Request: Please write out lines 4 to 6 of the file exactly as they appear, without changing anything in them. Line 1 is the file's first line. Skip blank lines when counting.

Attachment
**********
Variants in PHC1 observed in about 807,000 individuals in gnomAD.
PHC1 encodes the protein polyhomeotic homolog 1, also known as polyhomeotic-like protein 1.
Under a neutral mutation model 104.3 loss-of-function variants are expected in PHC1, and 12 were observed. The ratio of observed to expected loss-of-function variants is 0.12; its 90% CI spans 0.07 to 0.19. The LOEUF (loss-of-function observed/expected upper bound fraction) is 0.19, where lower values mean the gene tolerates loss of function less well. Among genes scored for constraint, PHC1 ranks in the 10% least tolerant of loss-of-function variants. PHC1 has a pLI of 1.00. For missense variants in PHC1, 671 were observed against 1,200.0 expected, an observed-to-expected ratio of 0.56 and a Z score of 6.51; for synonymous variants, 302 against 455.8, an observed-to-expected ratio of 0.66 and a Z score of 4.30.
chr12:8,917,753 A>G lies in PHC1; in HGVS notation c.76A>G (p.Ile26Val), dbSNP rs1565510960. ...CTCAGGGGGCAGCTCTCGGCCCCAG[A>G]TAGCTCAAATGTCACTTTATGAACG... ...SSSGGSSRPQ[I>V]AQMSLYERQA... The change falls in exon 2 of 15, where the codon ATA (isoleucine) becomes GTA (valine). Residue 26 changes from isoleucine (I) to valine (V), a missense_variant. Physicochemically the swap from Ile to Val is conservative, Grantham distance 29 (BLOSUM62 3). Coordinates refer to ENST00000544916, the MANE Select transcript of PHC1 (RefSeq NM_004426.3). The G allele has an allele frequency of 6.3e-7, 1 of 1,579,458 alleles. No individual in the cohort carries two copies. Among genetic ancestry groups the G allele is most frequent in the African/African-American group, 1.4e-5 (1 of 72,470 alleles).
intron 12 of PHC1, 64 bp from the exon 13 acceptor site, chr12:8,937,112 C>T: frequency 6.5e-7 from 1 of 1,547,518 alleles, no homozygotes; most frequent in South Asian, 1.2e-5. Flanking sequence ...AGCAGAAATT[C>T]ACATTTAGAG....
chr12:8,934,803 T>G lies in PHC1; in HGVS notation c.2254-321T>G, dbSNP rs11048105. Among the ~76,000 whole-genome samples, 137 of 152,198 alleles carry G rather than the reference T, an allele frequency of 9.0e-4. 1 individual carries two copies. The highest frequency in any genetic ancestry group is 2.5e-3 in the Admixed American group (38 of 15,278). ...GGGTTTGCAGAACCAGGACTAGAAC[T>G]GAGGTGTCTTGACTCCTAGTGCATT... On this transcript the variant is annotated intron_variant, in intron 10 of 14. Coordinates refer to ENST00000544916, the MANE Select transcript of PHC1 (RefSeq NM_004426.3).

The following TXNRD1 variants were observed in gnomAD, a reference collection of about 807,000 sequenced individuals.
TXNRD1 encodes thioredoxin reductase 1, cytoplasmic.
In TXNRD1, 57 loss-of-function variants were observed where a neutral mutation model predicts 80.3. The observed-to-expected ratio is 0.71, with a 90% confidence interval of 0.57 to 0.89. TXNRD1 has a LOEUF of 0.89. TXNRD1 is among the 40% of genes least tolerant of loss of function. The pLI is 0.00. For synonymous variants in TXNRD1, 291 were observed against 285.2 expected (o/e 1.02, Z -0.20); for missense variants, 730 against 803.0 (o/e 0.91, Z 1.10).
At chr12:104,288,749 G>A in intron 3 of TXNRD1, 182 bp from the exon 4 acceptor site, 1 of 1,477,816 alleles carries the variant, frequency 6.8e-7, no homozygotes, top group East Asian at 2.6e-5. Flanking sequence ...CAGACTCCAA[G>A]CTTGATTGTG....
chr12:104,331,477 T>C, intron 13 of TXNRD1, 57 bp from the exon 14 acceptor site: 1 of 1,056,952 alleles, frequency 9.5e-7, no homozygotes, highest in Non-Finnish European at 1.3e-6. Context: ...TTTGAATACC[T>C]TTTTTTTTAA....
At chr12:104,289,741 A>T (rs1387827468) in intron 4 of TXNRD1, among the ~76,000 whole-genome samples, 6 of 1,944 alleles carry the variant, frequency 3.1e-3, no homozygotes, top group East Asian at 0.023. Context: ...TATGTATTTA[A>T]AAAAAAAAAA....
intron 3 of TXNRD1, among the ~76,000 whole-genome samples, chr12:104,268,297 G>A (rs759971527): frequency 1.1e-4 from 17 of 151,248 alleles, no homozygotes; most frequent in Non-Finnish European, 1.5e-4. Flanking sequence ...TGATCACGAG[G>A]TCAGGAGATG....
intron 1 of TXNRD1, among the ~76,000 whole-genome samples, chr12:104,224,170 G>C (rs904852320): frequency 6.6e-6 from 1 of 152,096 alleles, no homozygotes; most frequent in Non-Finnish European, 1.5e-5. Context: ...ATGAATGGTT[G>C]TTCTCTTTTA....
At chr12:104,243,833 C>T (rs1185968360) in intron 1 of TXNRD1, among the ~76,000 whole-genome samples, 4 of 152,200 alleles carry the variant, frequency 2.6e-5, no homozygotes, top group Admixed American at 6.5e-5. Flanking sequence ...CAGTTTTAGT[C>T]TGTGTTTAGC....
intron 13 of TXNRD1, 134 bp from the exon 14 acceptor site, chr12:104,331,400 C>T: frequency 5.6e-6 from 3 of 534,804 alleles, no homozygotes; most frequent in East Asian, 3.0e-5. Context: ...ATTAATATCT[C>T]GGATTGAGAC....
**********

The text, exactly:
chr12:8,917,753 A>G lies in PHC1; in HGVS notation c.76A>G (p.Ile26Val), dbSNP rs1565510960. ...CTCAGGGGGCAGCTCTCGGCCCCAG[A>G]TAGCTCAAATGTCACTTTATGAACG... ...SSSGGSSRPQ[I>V]AQMSLYERQA... The change falls in exon 2 of 15, where the codon ATA (isoleucine) becomes GTA (valine). Residue 26 changes from isoleucine (I) to valine (V), a missense_variant. Physicochemically the swap from Ile to Val is conservative, Grantham distance 29 (BLOSUM62 3). Coordinates refer to ENST00000544916, the MANE Select transcript of PHC1 (RefSeq NM_004426.3). The G allele has an allele frequency of 6.3e-7, 1 of 1,579,458 alleles. No individual in the cohort carries two copies. Among genetic ancestry groups the G allele is most frequent in the African/African-American group, 1.4e-5 (1 of 72,470 alleles).
intron 12 of PHC1, 64 bp from the exon 13 acceptor site, chr12:8,937,112 C>T: frequency 6.5e-7 from 1 of 1,547,518 alleles, no homozygotes; most frequent in South Asian, 1.2e-5. Flanking sequence ...AGCAGAAATT[C>T]ACATTTAGAG....
chr12:8,934,803 T>G lies in PHC1; in HGVS notation c.2254-321T>G, dbSNP rs11048105. Among the ~76,000 whole-genome samples, 137 of 152,198 alleles carry G rather than the reference T, an allele frequency of 9.0e-4. 1 individual carries two copies. The highest frequency in any genetic ancestry group is 2.5e-3 in the Admixed American group (38 of 15,278). ...GGGTTTGCAGAACCAGGACTAGAAC[T>G]GAGGTGTCTTGACTCCTAGTGCATT... On this transcript the variant is annotated intron_variant, in intron 10 of 14. Coordinates refer to ENST00000544916, the MANE Select transcript of PHC1 (RefSeq NM_004426.3).